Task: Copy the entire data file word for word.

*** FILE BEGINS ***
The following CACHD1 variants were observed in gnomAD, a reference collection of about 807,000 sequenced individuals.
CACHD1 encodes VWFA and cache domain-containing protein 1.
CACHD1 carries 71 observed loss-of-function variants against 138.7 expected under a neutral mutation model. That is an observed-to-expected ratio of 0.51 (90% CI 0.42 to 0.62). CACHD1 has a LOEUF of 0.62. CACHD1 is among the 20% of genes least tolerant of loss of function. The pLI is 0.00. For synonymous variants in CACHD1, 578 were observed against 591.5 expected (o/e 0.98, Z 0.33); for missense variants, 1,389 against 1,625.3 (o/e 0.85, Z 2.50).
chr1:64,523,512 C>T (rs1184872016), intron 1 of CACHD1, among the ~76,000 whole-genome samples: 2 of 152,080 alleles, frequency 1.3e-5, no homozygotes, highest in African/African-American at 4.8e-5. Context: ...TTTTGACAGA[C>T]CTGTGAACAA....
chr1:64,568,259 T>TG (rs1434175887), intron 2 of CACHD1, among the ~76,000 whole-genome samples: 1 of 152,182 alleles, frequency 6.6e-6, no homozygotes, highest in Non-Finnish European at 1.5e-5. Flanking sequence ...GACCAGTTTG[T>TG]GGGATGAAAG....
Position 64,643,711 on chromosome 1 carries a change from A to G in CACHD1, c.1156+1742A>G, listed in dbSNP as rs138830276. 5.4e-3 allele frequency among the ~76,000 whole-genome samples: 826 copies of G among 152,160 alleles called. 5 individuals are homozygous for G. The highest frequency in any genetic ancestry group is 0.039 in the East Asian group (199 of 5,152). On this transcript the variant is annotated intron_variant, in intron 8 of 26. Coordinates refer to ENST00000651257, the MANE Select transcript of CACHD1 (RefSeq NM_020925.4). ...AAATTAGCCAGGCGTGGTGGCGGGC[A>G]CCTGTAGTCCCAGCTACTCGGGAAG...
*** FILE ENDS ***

The following CACHD1 variants were observed in gnomAD, a reference collection of about 807,000 sequenced individuals.
CACHD1 encodes VWFA and cache domain-containing protein 1.
CACHD1 carries 71 observed loss-of-function variants against 138.7 expected under a neutral mutation model. That is an observed-to-expected ratio of 0.51 (90% CI 0.42 to 0.62). CACHD1 has a LOEUF of 0.62. CACHD1 is among the 20% of genes least tolerant of loss of function. The pLI is 0.00. For synonymous variants in CACHD1, 578 were observed against 591.5 expected (o/e 0.98, Z 0.33); for missense variants, 1,389 against 1,625.3 (o/e 0.85, Z 2.50).
chr1:64,523,512 C>T (rs1184872016), intron 1 of CACHD1, among the ~76,000 whole-genome samples: 2 of 152,080 alleles, frequency 1.3e-5, no homozygotes, highest in African/African-American at 4.8e-5. Context: ...TTTTGACAGA[C>T]CTGTGAACAA....
chr1:64,568,259 T>TG (rs1434175887), intron 2 of CACHD1, among the ~76,000 whole-genome samples: 1 of 152,182 alleles, frequency 6.6e-6, no homozygotes, highest in Non-Finnish European at 1.5e-5. Flanking sequence ...GACCAGTTTG[T>TG]GGGATGAAAG....
Position 64,643,711 on chromosome 1 carries a change from A to G in CACHD1, c.1156+1742A>G, listed in dbSNP as rs138830276. 5.4e-3 allele frequency among the ~76,000 whole-genome samples: 826 copies of G among 152,160 alleles called. 5 individuals are homozygous for G. The highest frequency in any genetic ancestry group is 0.039 in the East Asian group (199 of 5,152). On this transcript the variant is annotated intron_variant, in intron 8 of 26. Coordinates refer to ENST00000651257, the MANE Select transcript of CACHD1 (RefSeq NM_020925.4). ...AAATTAGCCAGGCGTGGTGGCGGGC[A>G]CCTGTAGTCCCAGCTACTCGGGAAG...